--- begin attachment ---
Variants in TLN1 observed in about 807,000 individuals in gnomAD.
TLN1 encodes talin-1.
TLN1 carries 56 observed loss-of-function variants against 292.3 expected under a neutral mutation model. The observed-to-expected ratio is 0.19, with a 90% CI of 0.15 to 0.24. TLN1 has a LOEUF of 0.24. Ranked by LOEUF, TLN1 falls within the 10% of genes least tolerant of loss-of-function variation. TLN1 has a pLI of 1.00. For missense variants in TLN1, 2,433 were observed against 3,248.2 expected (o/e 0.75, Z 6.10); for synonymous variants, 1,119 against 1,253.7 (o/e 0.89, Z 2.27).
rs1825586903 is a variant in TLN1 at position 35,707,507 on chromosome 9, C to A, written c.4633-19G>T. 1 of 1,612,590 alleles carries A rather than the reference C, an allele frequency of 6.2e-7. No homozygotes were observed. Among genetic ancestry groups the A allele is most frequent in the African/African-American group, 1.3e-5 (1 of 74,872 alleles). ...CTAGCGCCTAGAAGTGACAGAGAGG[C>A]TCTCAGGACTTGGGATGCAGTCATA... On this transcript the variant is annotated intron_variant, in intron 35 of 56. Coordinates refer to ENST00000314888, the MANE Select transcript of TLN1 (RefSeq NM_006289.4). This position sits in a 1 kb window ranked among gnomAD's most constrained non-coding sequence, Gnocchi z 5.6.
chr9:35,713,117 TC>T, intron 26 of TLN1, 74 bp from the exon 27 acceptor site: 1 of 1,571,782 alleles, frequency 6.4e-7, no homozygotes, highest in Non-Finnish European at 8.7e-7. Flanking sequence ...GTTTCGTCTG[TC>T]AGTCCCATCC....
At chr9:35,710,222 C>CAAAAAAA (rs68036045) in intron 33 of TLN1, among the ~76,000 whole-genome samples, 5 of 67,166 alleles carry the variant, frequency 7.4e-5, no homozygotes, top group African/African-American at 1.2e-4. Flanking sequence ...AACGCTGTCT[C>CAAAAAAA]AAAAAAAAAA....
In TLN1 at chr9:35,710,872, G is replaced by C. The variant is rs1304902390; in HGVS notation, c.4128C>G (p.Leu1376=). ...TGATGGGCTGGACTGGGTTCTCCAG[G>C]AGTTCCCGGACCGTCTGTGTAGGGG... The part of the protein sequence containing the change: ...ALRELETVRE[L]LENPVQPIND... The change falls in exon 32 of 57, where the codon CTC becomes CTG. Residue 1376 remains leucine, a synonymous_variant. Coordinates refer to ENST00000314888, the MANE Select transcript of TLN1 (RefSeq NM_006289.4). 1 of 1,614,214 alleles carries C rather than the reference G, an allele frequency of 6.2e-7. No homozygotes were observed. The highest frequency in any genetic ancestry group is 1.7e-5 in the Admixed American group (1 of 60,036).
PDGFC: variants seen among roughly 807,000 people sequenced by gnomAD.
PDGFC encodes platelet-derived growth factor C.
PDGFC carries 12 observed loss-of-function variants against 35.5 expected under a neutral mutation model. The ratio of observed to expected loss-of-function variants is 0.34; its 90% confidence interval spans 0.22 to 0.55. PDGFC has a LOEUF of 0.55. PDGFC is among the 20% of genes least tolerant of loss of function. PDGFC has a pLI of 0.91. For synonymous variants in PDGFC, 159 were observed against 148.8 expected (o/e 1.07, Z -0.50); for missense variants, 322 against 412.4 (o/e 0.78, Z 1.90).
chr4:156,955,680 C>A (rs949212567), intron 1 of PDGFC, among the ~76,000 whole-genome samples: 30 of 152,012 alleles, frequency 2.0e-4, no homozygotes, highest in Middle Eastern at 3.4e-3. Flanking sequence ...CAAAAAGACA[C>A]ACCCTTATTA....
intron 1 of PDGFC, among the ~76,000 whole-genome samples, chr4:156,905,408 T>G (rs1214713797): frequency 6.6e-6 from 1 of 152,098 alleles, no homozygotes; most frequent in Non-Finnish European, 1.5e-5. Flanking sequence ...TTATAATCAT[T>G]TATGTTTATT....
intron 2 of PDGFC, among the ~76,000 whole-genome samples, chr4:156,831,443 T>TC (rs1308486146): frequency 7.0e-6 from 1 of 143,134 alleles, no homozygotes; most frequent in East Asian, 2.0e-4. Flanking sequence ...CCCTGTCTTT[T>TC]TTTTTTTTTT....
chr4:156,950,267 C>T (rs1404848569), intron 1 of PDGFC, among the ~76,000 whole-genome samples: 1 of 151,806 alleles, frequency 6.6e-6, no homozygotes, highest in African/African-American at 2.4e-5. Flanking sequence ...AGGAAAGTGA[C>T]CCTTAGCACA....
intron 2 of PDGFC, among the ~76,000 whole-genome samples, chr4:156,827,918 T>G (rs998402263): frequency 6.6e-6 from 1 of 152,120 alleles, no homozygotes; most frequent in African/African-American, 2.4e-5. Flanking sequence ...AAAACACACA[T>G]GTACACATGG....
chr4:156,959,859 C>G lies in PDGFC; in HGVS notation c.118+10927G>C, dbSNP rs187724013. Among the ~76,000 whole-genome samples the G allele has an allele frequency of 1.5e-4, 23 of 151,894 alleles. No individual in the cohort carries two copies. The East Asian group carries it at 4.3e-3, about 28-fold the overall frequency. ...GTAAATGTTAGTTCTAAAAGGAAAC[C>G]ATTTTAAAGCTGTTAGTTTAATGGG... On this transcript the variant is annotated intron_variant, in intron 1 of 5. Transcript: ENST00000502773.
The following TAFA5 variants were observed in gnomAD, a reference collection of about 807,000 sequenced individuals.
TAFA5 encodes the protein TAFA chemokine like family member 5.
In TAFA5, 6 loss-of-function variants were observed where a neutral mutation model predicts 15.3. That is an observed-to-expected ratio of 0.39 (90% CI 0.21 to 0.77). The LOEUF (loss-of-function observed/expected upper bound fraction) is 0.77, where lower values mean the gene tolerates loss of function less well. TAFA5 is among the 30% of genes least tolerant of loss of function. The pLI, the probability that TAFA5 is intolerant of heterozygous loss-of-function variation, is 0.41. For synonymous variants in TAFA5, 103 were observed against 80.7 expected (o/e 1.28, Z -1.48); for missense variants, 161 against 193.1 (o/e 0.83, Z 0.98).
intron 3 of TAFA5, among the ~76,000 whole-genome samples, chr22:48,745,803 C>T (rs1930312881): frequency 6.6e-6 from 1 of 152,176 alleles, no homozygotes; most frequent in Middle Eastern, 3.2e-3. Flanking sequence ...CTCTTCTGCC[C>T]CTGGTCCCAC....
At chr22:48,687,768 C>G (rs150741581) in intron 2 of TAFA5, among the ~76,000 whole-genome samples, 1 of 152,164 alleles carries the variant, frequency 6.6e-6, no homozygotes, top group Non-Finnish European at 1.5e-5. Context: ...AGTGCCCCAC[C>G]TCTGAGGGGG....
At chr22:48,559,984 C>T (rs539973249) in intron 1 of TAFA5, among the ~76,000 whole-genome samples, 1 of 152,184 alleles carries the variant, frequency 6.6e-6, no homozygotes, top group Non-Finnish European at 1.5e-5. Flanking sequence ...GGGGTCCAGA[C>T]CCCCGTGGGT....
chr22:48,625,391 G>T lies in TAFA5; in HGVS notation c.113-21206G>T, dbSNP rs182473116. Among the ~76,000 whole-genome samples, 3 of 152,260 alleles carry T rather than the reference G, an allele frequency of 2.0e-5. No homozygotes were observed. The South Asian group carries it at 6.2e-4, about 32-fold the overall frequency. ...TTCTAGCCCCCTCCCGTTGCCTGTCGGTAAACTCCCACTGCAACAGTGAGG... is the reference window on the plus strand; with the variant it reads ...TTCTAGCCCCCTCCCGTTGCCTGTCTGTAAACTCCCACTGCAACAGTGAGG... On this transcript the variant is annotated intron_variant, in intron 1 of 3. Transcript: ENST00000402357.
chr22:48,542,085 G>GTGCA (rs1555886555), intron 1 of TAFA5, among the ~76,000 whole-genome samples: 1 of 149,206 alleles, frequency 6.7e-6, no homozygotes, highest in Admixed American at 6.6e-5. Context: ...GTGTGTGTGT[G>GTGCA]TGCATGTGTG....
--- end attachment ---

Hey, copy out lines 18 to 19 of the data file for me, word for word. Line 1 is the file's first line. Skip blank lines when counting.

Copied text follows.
TAFA5 encodes the protein TAFA chemokine like family member 5.
In TAFA5, 6 loss-of-function variants were observed where a neutral mutation model predicts 15.3. That is an observed-to-expected ratio of 0.39 (90% CI 0.21 to 0.77). The LOEUF (loss-of-function observed/expected upper bound fraction) is 0.77, where lower values mean the gene tolerates loss of function less well. TAFA5 is among the 30% of genes least tolerant of loss of function. The pLI, the probability that TAFA5 is intolerant of heterozygous loss-of-function variation, is 0.41. For synonymous variants in TAFA5, 103 were observed against 80.7 expected (o/e 1.28, Z -1.48); for missense variants, 161 against 193.1 (o/e 0.83, Z 0.98).